By Stanley Stark, FAIA, LEED AP
The life sciences arena has become more fragmented as Big Pharma has become more risk averse, bigger and less agile, and
as a more varied group of players have emerged
as challengers to Big Pharma’s dominant role.
Big Pharma’s size and diminished agility have
had two broad impacts. First, Big Pharma as a
global enterprise continues to re-align and consolidate. Pharma’s focus on speed-to-market and
multi-billion dollar blockbuster drugs have led
to growing impatience with the long timelines
and the risks imposed by the in-house R&D process. The pharmaceutical and biopharmaceutical
industries, the big dogs of the global life science
enterprise, are relying on a range of strategies to
reduce cost and risk and achieve greater agility.
Big Pharma has been shifting to a small R coupled with a big D model.
Second, a new version of mid-sized pharma
is growing by successfully managing reasonable
pipelines. Celgene, Biogen IDEC and Gilead are
examples of mid-sized companies who aren’t
encumbered by size and have some good, reasonably profitable, but not blockbuster-scale
products. This may be a harbinger of an eventual re-alignment of the pharmaceutical industry
into smaller faster moving enterprises.
The pharmaceutical industry is pursuing
strategies to enhance its dominant position,
but is also contributing to the creative destruction which is re-shaping the life sciences arena:
• Increasing reliance on biotech and academic
collaborations to conduct basic research and
identify effective compounds.
• Big Pharma continues to restructure its
research and marketing functions into
smaller units of 200 plus people organized
around therapeutic areas, and are locating
these groups closer to urban life science
centers—academic medical centers—to
take advantage of the intellectual capital and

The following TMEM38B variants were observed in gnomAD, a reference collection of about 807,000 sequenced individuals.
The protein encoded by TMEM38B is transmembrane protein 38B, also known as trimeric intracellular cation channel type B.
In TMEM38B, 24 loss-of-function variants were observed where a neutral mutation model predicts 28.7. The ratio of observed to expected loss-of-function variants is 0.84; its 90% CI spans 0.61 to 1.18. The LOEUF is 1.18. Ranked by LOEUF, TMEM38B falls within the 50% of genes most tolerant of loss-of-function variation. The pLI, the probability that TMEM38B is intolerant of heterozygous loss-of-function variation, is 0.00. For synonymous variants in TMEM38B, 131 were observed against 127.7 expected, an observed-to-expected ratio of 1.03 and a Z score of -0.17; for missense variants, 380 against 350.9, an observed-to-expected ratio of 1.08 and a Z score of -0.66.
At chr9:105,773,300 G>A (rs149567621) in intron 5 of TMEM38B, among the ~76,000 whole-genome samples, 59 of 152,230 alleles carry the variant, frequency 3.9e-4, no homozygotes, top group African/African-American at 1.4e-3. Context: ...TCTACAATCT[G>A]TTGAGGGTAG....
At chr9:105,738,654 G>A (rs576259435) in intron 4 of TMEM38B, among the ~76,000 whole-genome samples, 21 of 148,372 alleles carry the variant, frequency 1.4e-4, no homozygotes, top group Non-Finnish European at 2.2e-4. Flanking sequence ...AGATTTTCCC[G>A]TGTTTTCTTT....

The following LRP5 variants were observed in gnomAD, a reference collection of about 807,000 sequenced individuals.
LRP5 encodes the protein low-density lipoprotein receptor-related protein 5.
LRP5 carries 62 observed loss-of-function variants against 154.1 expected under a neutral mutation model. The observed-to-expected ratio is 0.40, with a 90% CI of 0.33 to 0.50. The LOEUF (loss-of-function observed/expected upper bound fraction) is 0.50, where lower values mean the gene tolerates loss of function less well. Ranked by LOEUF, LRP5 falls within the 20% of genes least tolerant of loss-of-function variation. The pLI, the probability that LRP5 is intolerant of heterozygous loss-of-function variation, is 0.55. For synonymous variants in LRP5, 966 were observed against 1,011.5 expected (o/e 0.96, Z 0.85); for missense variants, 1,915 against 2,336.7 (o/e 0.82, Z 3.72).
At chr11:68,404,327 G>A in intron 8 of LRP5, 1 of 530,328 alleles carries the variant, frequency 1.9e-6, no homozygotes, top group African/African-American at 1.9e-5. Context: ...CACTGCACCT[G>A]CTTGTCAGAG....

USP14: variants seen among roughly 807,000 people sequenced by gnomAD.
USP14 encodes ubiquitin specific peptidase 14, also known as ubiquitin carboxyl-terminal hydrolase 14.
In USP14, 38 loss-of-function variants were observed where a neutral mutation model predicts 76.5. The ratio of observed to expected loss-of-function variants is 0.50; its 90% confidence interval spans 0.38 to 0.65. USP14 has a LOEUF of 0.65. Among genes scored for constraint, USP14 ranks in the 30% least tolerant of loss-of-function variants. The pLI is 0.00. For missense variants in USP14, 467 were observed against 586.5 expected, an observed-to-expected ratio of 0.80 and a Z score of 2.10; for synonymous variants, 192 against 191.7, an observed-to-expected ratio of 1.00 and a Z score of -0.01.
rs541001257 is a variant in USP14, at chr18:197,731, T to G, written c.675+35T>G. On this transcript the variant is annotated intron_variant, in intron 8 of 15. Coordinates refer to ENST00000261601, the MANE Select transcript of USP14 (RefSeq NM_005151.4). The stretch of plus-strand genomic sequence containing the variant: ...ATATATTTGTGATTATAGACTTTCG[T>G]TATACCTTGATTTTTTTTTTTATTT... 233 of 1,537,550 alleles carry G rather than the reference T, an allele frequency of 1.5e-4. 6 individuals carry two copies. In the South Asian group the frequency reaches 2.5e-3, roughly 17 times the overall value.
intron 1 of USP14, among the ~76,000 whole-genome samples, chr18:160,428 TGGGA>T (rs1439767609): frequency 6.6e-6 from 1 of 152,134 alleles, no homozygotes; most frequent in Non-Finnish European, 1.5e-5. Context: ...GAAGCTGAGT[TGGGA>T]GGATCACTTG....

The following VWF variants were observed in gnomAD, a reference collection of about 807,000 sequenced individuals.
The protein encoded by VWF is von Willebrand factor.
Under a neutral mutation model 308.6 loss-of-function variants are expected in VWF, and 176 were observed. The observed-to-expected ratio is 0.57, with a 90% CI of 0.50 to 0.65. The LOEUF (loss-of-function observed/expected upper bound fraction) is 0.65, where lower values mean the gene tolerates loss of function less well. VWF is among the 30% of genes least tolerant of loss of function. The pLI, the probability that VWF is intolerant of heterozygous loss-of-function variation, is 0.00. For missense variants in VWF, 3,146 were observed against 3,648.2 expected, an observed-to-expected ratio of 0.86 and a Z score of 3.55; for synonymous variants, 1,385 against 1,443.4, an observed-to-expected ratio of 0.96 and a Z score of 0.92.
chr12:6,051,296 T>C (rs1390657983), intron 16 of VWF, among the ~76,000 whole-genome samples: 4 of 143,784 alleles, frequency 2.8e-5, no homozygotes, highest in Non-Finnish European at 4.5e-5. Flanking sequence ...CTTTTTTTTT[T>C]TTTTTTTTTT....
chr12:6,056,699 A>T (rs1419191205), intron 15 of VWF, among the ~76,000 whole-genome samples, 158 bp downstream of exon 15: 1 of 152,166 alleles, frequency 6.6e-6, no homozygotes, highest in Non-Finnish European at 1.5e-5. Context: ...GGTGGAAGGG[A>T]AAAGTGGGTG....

cultural riches associated with our major
cities. The large, multi-functional suburban
research campus is no longer regarded as the
ideal research model for the research enter-
prise. The concentration of smaller thera-
peutic units representing pharma companies
and biotech startups in Cambridge and San
Francisco is evidence of this trend’s strength.
New York is becoming more aggressive to
capture more of these units.
• Merck is trying to buck this trend of outsourcing by reinvigorating its research arm,
while at the same time it’s aligning and
trimming its research headcount.
• Big Pharma has imposed tighter thresholds
on the approval steps as research moves
through the pipeline from bench to market. As a result, more potentially promising compounds which may not meet the
scheduled market targets are left behind
or have an uncertain future. Some of these
more promising compounds are adopted
by smaller pharma companies through
re-licensing agreements and further development as a next step in their evolution to
greater market presence.
• The drive toward consolidation has left
behind an excess supply of vacant or
underutilized facilities, particularly at suburban R&D sites. Pfizer, Wyeth, Schering-Plough and Hoffman–LaRoche have all
thrown major sites onto the real estate market for reuse or repurposing.
• There is also evidence that Big Pharma is
interested in making small research investments in future markets by developing
small R big D facilities.
In response to Big Pharma’s drive to outsource
research, academic research universities and
medical centers have become more entrepre-
neurial. Both the university and its faculty scien-